Rifles are shoulder-fired long guns with rifling (spiral grooves cut in the bore to make the bullet spin which improves accuracy). A Section 1 Firearms Certificate is required. Rifles are used for target shooting and hunting foxes, deer and other wildlife. Following the Hungerford Gun Massacre in 1987 in which 16 people were killed by Michael Ryan using legally-owned military-style guns The Firearms (Amendment) Act 1988 banned semi-automatic, pump-action and self-loading rifles.
See ‘Gun Law’ pages.
IDENTIFICATION Because imitation rifles look like real guns it can be impossible to tell without close examination if a gun being brandished during an incident is real or an imitation, deactivated, airgun*, airsoft, replica or other non-licensed gun which looks like a rifle. Victims of armed crime are traumatised and not surprisingly unable to identify the gun being used to assault them. Media reporting is unreliable and unless guns are fired or recovered they are categorised as ‘unidentified’. Many press reports which refer to ‘rifles’ are likely to involve imitations, deactivated, airsoft, air rifles* and other non-licensed guns which look like rifles.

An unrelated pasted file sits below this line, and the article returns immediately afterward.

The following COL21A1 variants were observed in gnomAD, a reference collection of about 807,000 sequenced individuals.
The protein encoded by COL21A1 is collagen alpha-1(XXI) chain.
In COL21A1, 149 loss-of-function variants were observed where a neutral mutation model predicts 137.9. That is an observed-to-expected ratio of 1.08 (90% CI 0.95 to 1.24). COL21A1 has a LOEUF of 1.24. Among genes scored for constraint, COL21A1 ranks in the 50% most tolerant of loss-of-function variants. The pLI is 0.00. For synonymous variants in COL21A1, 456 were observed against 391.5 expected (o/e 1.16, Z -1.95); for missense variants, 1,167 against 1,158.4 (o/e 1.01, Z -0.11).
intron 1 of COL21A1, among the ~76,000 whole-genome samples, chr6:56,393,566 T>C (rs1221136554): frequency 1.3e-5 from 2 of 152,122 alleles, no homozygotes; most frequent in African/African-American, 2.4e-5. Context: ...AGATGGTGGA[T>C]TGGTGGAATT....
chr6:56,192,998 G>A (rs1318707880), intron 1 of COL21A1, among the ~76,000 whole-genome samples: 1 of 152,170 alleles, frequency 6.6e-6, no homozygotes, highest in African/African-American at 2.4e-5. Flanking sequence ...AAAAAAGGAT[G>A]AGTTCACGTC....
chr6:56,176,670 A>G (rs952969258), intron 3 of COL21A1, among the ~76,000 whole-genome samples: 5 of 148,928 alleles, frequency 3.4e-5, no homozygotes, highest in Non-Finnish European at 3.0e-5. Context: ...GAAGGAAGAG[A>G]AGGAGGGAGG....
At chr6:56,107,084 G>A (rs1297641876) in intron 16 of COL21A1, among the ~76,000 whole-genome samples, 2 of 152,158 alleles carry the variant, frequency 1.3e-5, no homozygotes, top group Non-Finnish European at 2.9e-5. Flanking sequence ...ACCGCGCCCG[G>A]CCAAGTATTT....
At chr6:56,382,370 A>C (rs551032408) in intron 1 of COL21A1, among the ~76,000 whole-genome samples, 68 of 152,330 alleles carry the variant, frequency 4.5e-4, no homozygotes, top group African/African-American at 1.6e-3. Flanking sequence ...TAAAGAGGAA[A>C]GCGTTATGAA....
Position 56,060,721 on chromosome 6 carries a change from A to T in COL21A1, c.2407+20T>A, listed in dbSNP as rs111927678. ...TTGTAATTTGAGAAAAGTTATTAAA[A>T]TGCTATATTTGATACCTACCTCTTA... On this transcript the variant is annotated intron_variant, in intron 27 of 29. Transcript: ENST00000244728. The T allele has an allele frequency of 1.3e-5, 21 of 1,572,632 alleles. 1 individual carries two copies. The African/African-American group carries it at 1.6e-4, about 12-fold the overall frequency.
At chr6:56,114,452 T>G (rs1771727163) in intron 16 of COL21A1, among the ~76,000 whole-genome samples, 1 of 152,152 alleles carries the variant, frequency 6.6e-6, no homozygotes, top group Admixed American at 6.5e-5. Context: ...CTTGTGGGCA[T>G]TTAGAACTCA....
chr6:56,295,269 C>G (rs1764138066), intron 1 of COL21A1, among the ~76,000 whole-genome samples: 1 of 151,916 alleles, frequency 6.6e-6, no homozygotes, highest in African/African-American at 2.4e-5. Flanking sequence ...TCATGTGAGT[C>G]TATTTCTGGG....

*The Air Weapons and Licensing (Scotland) Bill
The Air Weapons and Licensing (Scotland) Bill was passed by the Scottish Parliament in June 2015 and received the Royal Assent in August 2015. Under the provisions of the Act it will be an offence for a person to use, possess, purchase or acquire an air weapon in Scotland without holding an air weapon certificate.